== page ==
Highway to Hell
When our benevolent dictator Francis showed me a video preview of Demon Truck, I was intrigued. It looked like a chaotic shmup along the lines of Ikaruga, complete with a wonderfully trashy occult theme. However, upon booting it up, I quickly discovered that looks are deceiving. But while the experience wasn’t what I had in mind, I nonetheless had a good time with Demon Truck. A Hell of a good time, you could say.
Players take the wheel of a truck overflowing with demonic energy and bad attitude. You’re tasked with cruising down assorted Hellish locations, using your guns to turn the denizens of damnation into chunks of unrecognizable pixels. However, the truck in question moves of its own accord, leaving players to focus their efforts on shooting and managing thrusters. Though things are on auto-pilot, a major twist is that firing and thrusting at the same time is impossible, adding a learning curve and a bit of thought to proceedings.
Also unlike a conventional shmup, there’s actually a bullet limit. You’re encouraged to thrust into obstacles and enemies, Carmageddon-style, to replenish your supply, but your clips will auto-refill in time. New guns get acquired as the game wears on, and players need to be mindful of how different guns drain ammo. Choices like these present themselves after the completion of each successful wave, where randomized options are presented. A typical run can be made significantly easier or harder just by the luck of the draw, so if you’re not one who cares for being dealt a shoddy hand, you best think twice about playing this one. Bear in mind that this applies to the enemy roster as well.
It’s the sort of thing that would be home on mobile platforms, minimizing controls and playing somewhat like a rail shooter. The feel is also not unlike a sort of endless runner, challenging players to last as long as possible and solidifying their legacy with high scores and bragging rights. It does have that “one-more-try” quality, luring you in to best their previous times and scores, and that’s always a good thing.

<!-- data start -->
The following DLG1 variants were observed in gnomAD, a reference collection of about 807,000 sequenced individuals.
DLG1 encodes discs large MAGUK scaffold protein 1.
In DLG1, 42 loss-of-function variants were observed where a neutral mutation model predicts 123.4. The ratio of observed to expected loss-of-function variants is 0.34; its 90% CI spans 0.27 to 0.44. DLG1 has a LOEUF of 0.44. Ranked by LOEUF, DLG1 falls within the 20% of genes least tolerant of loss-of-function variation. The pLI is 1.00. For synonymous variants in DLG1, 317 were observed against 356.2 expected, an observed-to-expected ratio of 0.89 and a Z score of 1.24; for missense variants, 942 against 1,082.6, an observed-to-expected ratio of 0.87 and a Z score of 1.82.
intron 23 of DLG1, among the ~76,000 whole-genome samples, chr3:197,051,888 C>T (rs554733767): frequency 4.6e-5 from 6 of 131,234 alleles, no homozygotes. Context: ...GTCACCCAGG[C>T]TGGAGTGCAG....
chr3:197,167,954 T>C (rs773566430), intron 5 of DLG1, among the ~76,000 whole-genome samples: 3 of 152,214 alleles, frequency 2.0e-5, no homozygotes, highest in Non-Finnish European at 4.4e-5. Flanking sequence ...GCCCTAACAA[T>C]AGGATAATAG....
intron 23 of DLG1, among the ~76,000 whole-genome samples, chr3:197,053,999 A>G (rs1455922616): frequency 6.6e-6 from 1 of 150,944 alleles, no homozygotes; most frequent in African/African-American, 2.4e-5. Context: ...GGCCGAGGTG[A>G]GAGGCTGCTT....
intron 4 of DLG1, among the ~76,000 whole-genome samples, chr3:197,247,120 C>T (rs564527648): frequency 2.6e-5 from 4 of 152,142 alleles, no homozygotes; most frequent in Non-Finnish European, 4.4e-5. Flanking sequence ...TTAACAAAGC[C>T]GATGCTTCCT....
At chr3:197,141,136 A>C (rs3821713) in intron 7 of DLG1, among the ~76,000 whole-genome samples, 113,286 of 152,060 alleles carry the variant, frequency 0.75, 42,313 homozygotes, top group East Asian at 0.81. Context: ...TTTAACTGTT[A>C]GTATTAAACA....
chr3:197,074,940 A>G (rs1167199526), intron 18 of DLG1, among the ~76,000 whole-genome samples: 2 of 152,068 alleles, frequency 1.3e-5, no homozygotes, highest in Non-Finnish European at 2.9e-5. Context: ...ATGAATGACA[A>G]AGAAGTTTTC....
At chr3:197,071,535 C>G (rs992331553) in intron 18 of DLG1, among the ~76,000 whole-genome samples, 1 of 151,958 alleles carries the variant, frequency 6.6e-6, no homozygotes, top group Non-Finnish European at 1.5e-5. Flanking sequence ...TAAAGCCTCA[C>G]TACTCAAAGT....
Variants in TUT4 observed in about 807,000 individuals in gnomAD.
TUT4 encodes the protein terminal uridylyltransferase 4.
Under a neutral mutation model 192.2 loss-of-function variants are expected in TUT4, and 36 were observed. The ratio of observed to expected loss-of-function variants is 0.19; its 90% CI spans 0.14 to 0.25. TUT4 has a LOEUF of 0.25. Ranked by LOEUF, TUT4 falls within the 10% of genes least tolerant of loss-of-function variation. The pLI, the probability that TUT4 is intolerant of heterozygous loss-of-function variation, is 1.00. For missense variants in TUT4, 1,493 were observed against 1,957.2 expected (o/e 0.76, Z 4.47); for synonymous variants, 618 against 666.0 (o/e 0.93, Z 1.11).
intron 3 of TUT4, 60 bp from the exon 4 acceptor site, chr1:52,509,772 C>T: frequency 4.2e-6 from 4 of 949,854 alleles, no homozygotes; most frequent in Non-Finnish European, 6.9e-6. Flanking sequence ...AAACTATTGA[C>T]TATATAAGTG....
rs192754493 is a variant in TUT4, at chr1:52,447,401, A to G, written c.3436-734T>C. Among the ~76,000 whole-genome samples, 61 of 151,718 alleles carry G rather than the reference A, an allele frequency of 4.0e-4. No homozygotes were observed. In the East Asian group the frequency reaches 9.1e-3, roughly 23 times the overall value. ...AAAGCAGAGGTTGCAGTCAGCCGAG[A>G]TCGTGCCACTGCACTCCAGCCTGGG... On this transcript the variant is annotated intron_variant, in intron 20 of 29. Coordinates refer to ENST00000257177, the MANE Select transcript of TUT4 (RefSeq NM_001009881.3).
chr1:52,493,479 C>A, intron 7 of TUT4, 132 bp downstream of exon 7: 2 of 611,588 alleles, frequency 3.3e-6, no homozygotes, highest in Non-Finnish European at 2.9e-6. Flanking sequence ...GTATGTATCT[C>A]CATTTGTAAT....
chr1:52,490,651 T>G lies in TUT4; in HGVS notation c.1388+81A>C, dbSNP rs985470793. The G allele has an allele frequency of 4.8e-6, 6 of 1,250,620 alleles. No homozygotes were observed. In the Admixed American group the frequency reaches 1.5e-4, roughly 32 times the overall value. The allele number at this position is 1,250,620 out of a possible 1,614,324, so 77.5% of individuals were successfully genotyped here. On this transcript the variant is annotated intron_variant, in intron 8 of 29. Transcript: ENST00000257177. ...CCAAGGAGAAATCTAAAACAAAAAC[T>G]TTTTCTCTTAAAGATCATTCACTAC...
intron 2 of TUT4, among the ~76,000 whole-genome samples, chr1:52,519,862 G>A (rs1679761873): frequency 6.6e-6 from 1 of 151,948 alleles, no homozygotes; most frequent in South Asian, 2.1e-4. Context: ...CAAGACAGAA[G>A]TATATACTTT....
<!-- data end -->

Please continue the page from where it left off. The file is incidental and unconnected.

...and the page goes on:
The game has a great pixel art style, but it’s let down by an over-abundance of on-screen objects. Sometimes, it’s difficult to tell what exactly is going on amid the chaos of high-speed enemy sprites and projectiles. Still, it’s charming and the occasional overload of information doesn’t detract too much for the experience. The soundtrack, while a tad on the slim side, is nonetheless a thing of beauty. If you don’t believe me, take a listen for yourself.
Demon Truck is a fun little game that leaves players wondering how it may have played out had it controlled like a traditional shmup. If you take it for what it is and offer it a bit of time and patience, you’ll find a satisfying experience that keeps you on your toes with its fast, random, and quirky gameplay. I find it becoming my go-to game to unwind and deal with stress. Check it out on its Steam page and you’ll see what I mean.
Final Verdict: 3.5/5
Available on: PC (reviewed) ; Publisher: Adventurepro Games LLC ; Developer: Triger Mountain ; Players: single-player ; Released: 26 September, 2016.
Full discloure: this review is based on a review copy of Demon Truck given to Hey Poor Player by the publisher.